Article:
Airport Security: What's Next?

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DON RYAN/AP

A security officer checks a terminal at Oregon's Portland International Airport

The acts of terror took place hundreds of miles outside Boston, but the horrible chain of events appears to have begun at the local airport.

Wednesday morning, reeling after Tuesday’s hijackings, officials at Logan Airport in Boston scrambled to reassure an anxious flying public. Both planes that slammed into the World Trade towers originated at Logan.

Early Tuesday morning, American Airlines flight 11 and United Airlines flight 175 were hijacked shortly after takeoff from Boston, flown off course and into the World Trade Center towers, causing a series of spectacular explosions which eventually collapsed both buildings. Logan does not stand alone in the grim spotlight — two other flights were also hijacked after taking departing Newark and Dulles; an estimated 266 people died on those four planes — but as the origin airport of two of the four doomed flights, scrutiny of the Boston airport was intense.

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Everybody wants to know how this could have happened — how did the terrorists make it onto not just one, but two planes departing within an hour of each other at the same airport? The official response offered little in the way of edification. "Everything seemed normal when they left Logan," Joseph Lawless, public safety director of the Massachusetts Port Authority, told reporters at a press conference. "We don't know how the hijackers accomplished what they did.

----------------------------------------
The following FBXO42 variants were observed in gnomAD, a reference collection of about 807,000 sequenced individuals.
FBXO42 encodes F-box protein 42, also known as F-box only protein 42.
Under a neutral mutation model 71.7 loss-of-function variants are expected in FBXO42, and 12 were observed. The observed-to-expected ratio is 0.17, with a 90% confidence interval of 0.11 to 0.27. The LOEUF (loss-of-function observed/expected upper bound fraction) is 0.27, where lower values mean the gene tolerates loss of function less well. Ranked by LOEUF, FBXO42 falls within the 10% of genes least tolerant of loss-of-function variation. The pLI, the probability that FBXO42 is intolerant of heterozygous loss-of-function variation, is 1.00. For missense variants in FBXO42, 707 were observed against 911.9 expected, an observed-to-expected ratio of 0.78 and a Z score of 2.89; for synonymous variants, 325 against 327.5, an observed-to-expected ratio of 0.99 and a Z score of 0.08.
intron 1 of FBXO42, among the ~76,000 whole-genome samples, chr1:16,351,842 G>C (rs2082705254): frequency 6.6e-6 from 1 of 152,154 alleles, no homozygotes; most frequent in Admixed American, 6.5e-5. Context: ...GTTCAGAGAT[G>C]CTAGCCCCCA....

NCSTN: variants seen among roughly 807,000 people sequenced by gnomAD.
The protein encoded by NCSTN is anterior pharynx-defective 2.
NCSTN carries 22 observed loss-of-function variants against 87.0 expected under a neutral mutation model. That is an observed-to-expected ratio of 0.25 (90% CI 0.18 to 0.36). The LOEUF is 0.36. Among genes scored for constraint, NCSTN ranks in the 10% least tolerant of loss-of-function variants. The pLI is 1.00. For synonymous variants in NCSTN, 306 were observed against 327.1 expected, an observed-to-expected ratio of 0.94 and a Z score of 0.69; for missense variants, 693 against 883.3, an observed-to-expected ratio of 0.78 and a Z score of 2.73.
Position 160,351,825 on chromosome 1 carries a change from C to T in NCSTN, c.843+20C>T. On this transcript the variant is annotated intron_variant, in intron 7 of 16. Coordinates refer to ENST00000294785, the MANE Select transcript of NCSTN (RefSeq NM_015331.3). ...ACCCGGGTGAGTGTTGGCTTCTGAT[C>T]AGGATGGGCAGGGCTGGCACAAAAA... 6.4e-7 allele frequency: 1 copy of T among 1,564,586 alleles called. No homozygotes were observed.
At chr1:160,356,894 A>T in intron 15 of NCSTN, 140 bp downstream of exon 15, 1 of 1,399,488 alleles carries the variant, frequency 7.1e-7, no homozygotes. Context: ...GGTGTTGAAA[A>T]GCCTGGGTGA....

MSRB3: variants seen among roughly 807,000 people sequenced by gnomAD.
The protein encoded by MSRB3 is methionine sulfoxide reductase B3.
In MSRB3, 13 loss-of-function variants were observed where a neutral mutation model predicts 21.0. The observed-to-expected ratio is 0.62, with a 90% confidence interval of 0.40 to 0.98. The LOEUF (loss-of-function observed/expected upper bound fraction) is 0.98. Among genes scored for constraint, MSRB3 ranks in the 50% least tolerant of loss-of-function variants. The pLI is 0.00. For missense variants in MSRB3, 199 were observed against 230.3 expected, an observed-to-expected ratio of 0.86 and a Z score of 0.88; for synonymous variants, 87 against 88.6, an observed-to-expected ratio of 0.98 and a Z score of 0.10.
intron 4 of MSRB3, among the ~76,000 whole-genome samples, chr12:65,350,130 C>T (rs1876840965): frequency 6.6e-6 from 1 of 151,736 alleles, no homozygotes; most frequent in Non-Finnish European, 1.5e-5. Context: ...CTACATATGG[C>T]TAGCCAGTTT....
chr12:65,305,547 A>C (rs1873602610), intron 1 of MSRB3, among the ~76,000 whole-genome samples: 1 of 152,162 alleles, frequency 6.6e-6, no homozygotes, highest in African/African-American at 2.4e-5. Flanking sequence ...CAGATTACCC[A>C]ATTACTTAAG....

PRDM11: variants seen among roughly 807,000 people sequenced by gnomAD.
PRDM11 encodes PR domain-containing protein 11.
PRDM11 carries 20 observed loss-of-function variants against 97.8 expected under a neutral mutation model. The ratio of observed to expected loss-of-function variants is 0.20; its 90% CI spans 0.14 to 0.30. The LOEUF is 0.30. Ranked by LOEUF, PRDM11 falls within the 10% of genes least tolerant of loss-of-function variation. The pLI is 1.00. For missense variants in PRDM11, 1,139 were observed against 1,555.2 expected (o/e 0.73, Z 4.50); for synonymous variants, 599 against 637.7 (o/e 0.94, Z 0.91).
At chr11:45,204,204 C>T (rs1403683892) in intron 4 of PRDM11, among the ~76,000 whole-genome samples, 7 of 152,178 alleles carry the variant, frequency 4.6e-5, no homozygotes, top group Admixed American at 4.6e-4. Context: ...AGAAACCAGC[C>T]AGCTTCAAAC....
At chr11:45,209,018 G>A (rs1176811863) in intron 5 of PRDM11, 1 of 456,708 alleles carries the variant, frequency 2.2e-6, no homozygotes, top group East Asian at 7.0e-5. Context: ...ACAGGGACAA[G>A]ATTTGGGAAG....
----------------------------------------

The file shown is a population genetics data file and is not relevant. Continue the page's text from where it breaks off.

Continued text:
"We have a very high security standard here," he added. "We consider ourselves as secure, if not more secure, than any other airport in the United States."

The Federal Aviation Administration vows to increase security at all U.S. airports, including Logan, by employing more plainclothes security personnel, sweeping airports with bomb-sniffing dogs, discontinuing curbside check-in and increasing the occurrence of random ID checks. Airports will also vigilantly tow any unauthorized vehicle parked within 300 feet of a terminal.

All of these measures are, of course, designed to increase the level of safety in U.S. airports, and to make passengers feel more secure. And while the public is likely to embrace these changes in the immediate aftermath of Tuesday’s bombing, the true test of American patience will come later.

"There are many security issues the airports can adopt," says Dr. Richard Gritta, a professor at the Dr. Robert Pamplin School of Business Administration at the University of Portland, Oregon, and an expert on the airline industry. "Everyone will be very amenable in the short term. The question is whether the airports will stick with those measures in the long-term, when the shock of the attacks wears off."

U.S. citizens often are unnerved by presence of armed guards in international airports, Gritta points out. Will we see armed guards here? "It’s a possibility. The question is, are we willing to put up with the inconvenience?"

It’s trying enough, says Gritta, to be an airline passenger on a normal day in America. Add untold delays and checkpoints and general hassle to that experience, and you could be looking at an extremely grouchy flying public. "We’ve got overcrowded, overscheduled airports," he says. "And now we’re going to add longer lines and longer check-in times."

And that may very well be the reality we live with in a changed America. Gritta, for one, is hopeful the tightened security is here to stay. In the short term, anyway, we all need to prepare for a new travel experience. "If you go into an airport next week, for example, it will feel different. How different depends on how willing U.S. citizens are to accept the hassles that inevitably accompany increased security."